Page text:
Early Stimulation {Sponsored Post by The Goddard School}

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Brain research tells us that, of the 100 billion (!) nerve cells we are born with, the ones we are most likely to keep longest are the ones that are used regularly in our interaction with the world around us. This does NOT mean that we can increase our child’s intellectual or developmental competence through so-called ‘brain stimulation’ videos or surround-sound cribs. Infants and toddlers enjoy learning first and best the things they learn in their relationships with the people that care for them.

Some things to keep in mind for the development of their brains:

Infant Boy and Teacher_jpg· Children can distinguish the voice of their father from their mother at birth – and their handling styles at six weeks.

· The most useful kind of stimulation is the kind babies can manage, learn from, and interact with. Vocalizations like the coos and giggles they initiate should be returned in kind – matching volume, pitch, and rhythm if you can. Be alert because they’ll often throw in a variation. The same is true for older children who sing and initiate games like peek-a-boo or patty cake. Tapes or videos are no match for the joy and value of ‘live’ interactions.

· Want to encourage a positive self-image? For babies, tender and frequent touch makes them feel treasured, and for toddlers and preschoolers, install a (safe) full-length mirror on the back of a door and provide dress-up or ‘pretend’ clothes and just watch them feel special.

· Keep your eyes and ears open for emerging motor skills, interests, words, emotions, and feelings. When such competencies are new, they are both adorable and vulnerable. Remember not to overwhelm children by requesting a ‘show’ of their new tricks. This can be over-stimulating and cause quite the opposite effect – anxiety about new abilities instead of confidence. Let children practice and enjoy their new skill.

HOW you are as a parent with your children matters far more than any particular thing you may ever DO with them. Development is not a race; it is a process that unfolds uniquely in each child. Rushing development erodes children’s belief in, and joy of, their own emerging abilities, replacing joy with frustration and discouragement – too high a price in my book.

Suggested resource: www.zerotothree.org

Article written by Kyle D. Pruett, M.D. an advisor for The Goddard School®. Dr. Pruett is an authority on child development who has been practicing child and family psychiatry for over twenty-five years. He is a clinical professor of child psychiatry at Yale University’s Child Study Center.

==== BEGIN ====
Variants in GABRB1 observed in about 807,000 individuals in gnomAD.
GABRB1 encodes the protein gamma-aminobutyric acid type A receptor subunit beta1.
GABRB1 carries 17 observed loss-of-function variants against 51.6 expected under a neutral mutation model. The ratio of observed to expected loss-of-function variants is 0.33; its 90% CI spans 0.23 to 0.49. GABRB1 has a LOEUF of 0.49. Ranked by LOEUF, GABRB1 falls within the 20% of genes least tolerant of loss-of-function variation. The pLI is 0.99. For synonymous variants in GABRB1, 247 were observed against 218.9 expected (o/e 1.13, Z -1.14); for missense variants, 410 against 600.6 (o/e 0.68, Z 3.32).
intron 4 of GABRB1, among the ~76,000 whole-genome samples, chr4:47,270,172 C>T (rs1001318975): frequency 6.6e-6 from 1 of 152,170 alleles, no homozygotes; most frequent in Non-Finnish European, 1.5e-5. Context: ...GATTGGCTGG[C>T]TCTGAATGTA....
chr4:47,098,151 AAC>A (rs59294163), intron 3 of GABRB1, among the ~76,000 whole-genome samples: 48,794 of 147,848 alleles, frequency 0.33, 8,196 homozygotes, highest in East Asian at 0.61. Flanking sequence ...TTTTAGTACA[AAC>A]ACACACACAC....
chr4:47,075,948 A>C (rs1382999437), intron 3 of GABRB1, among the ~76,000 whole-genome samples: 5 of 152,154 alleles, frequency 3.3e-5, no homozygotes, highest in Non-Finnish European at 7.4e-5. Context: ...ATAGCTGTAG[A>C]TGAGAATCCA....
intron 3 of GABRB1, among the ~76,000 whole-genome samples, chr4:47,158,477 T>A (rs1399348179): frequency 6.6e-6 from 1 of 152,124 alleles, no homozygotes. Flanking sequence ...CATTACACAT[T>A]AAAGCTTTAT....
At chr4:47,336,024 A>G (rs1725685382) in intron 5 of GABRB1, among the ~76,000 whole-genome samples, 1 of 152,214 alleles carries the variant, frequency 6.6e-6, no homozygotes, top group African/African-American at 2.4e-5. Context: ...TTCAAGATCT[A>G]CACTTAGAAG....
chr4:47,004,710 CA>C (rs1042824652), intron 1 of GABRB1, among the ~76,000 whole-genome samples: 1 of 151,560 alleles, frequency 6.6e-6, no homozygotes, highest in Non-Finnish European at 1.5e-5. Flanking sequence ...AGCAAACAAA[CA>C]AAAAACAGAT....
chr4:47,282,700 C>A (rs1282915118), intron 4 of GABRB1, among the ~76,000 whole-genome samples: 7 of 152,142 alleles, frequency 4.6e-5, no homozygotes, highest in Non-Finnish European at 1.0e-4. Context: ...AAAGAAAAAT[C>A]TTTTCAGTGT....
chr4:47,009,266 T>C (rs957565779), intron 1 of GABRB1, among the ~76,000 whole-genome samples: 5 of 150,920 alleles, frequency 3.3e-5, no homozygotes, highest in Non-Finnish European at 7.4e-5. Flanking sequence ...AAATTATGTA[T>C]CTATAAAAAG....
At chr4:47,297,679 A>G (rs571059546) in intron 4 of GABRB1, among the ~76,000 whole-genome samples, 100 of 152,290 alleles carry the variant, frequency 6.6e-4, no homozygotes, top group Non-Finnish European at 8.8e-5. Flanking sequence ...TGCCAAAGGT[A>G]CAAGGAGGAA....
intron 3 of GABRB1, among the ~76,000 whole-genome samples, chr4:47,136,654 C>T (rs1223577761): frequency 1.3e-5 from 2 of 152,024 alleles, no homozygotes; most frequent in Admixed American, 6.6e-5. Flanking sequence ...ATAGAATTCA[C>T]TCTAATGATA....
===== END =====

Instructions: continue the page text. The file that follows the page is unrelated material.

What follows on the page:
To learn more about The Goddard School in Knoxville, you can check out their website for the Farragut and Knoxville location.

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Eighteen years ago, I moved to Knoxville after graduating college and fell in love with the city that has now truly become my home. Shortly after moving here, I married my college sweetheart, and when not working we set out to travel as much as we could. After working as a financial manager for six years, I welcomed my first son Nolan in 2010 and began a journey as a stay-at-home mom. Two years later we added another baby boy, Conley, to make us a family of four. In June 2016, we welcomed our third boy, Foster. I founded Knoxville Moms in November 2013 which began my career as a work-from-home mom, and it grew to the expansion of Chattanooga Moms in March 2016. We welcomed our first girl, Lilah, in November 2017 making us a family of six and adding a little pink in our house. In June 2021, I became the co-owner of the Atlanta Mom website, and in March 2022 I became the owner of the Nashville Moms parenting website. When I’m not chasing the kids or stepping on Legos, you can find me enjoying a cup of coffee, reading a good book, and dreaming about my toes in the sand. I enjoy meeting new people and enjoy connecting the moms of Knoxville, Chattanooga, Atlanta, and Nashville.

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